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Bob Hartley


C - Joe Sakic, Peter Forsberg, Stephane Yelle, Chris Drury, Dale Hunter. LW - Valeri Kamensky, Milan Hejduk, Shean Donovan, Warren Rychel, Chris Dingman. RW - Theoren Fleury, Claude Lemieux, Adam Deadmarsh, Shjon Podein, Jeff Odgers, Scott Parker. D - Sandis Ozolinsh, Sylvain Lefebvre, Adam Foote, Alexei Gusarov, Jon Klemm, Aaron Miller, Greg deVries, Cam Russell, Eric Messier. G - Patrick Roy, Craig Billington.


Stephane Yelle, c (knee, day-to-day); Cam Russell, d (shoulder, out for season); Alexei Gusarov, d (knee, day-to-day).


Recalled Scott Parker, rw, from Hershey (AHL). Recalled Chris Dingman, lw, from Hershey.


First Round vs San Jose: Avalanche won 4-2
4/24 at San Jose  W 3-1
4/26 at San Jose  W 2-1 OT
4/28 San Jose     L 4-2
4/30 San Jose     L 7-3
5/01 San Jose     W 6-2
5/03 at San Jose  W 3-2 OT

Second Round vs Detroit: Avalanche lead series 3-2
5/07 Detroit     L 3-2 OT
5/09 Detroit     L 4-0
5/11 at Detroit  W 5-3
5/13 at Detroit  W 6-2
5/16 Detroit     W 3-0




by Greg D'Avis, Colorado Correspondent

What ever happened to the depth?

Coming into the Avalanche/Detroit series, all the talk was how the Avalanche's depth simply couldn't match up to the Red Wings. And for two games, they were right; particularly in Game Two, the Avalanche seemed far more interested in racking up stupid penalties than, say, playing defense. But with a few new additions and a new lease on life, Colorado went flat-out wild.

Missing Yelle

Stephane Yelle went down with a knee injury in the final game of the San Jose series - he's expected to miss the entire Detroit series - and he's been a huge loss. The loss of the Avalanche's top penalty killer forced Dale Hunter up to the third line for the first two games, and that was a mess. The third and fourth lines were basically useless; pundits called the fourth line of Warren Rychel, Jeff Odgers and Shean Donovan the "IHL Line". Hunter appeared to be intent on setting a record for ill-timed high-sticks (only teammate Peter Forsberg, who played the first two games in a blind rage, could give him any competition), and Detroit was able to key on the Avalanche's stars and shut them down.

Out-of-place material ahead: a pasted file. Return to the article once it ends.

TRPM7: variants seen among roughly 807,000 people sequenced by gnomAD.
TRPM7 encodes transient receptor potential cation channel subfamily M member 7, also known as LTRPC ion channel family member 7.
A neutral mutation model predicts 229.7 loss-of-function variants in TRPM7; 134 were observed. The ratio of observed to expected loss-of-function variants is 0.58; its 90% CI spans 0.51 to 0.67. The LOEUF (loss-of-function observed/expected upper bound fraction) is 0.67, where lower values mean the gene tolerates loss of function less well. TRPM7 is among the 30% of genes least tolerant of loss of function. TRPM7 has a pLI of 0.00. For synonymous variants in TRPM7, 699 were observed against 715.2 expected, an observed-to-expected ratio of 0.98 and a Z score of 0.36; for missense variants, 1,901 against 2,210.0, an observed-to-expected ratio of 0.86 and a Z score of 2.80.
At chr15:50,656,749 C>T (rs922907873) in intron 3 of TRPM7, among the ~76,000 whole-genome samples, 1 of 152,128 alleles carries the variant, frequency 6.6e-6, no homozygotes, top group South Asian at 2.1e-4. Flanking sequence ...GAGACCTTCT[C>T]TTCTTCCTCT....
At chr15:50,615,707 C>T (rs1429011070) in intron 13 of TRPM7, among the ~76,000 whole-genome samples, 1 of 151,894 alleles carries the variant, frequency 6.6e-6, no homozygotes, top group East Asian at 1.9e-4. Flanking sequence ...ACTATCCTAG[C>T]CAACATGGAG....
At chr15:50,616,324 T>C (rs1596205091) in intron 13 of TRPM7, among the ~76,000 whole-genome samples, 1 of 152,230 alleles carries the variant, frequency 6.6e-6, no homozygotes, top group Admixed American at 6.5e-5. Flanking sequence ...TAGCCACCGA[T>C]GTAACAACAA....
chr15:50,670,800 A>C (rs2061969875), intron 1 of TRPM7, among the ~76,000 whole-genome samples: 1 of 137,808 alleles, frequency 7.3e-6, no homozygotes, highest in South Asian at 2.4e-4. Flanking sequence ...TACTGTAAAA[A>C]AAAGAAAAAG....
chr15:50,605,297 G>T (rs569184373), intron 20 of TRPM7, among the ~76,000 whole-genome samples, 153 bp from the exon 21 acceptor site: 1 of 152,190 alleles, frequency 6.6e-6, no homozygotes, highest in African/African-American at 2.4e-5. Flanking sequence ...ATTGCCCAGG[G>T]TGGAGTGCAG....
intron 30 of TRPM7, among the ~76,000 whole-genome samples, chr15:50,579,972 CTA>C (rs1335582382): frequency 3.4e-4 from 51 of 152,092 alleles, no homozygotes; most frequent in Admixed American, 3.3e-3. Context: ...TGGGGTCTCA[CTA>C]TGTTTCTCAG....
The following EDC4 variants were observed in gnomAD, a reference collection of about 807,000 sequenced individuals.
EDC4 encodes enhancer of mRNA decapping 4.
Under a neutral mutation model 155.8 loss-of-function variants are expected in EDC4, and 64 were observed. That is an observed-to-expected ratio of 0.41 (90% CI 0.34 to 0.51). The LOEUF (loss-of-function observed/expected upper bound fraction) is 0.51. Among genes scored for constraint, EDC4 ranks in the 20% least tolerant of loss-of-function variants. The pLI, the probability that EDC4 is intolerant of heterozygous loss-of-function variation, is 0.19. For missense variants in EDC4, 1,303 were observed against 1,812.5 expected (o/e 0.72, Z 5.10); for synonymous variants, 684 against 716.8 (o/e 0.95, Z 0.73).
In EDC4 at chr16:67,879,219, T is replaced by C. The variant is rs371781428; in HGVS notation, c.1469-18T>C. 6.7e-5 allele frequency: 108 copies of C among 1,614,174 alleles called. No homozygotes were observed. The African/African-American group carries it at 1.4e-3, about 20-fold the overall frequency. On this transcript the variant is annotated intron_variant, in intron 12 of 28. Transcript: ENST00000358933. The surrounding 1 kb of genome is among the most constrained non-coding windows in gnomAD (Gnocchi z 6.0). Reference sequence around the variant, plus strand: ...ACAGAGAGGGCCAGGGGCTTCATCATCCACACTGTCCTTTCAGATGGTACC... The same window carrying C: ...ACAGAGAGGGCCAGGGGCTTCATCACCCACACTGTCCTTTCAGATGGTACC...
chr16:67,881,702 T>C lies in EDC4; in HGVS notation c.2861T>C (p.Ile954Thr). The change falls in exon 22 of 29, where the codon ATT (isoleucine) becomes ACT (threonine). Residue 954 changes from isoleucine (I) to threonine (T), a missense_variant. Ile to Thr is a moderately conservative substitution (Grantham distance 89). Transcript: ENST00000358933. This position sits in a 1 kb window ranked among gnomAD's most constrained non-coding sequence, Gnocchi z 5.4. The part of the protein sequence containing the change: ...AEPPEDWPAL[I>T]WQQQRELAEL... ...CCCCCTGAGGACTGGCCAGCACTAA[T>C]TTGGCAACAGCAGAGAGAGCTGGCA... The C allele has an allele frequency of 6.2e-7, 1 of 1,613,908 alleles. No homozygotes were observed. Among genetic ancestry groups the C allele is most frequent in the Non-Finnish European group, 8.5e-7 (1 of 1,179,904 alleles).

What A Difference A Russian Makes

Then, for Game Three, Valeri Kamensky made his first appearance with the Avalanche in two months, since his arm was broken by Enemy of Humanity (and Red Wing) Kirk Maltby. While Kamensky hasn't set the world on fire since coming back - two points in three games - his impact can't be overstated. He's outplayed the Red Wings' vaunted Russian crew, and his presence allowed coach Bob Hartley to move Adam Deadmarsh to the third line with Shjon Podein and Chris Drury and Hunter back to the fourth - with fantastic results. Since Kamensky's return, the third line has been hot, particularly Deadmarsh, and the fourth line has even chipped in a couple of goals. So the Red Wings can still key on the first line of Joe Sakic, Theo Fleury and Milan Hejduk, as they've done with success, but now the Avalanche have two more scoring-threat lines instead of just one.

Meanwhile, add a Russian, lose a Russian. The Red Wings have had to live without smart, experienced center Igor Larionov, replacing him with Brent Gilchrist - not a good trade-off. And the Red Wings' much-ballyhooed depth hasn't paid off; no goals from Brendan Shanahan, Darren McCarty, Martin Lapointe, Sergei Fedorov.

Miller Time

For the third straight year (and, admittedly, last year it was nothing to brag about), Aaron Miller has been the Avalanche's best defenseman in the playoffs. He's leading the league at +10, chipped in a bit offensively, but most of all, just been a steady, strong presence. This year, Avalanche fans have seem him evolve from a seventh defenseman into a blueline leader, and that's continued in the playoffs.

Other Avs deserve notes. Deadmarsh has been fantastic, Forsberg has played well after being out for blood in the first two games, Adam Foote and Sylvain Lefebvre have been steady, and while they haven't been scoring as much, the line of Fleury, Sakic and Hejduk have kept the Red Wings on their toes and worn them out. And, of course, Patrick Roy has been great.

There's still at least one game left, and no one expects the Red Wings to lie down and die. But, thus far, the Avalanche have put to rest the concerns that surrounded this team coming in.

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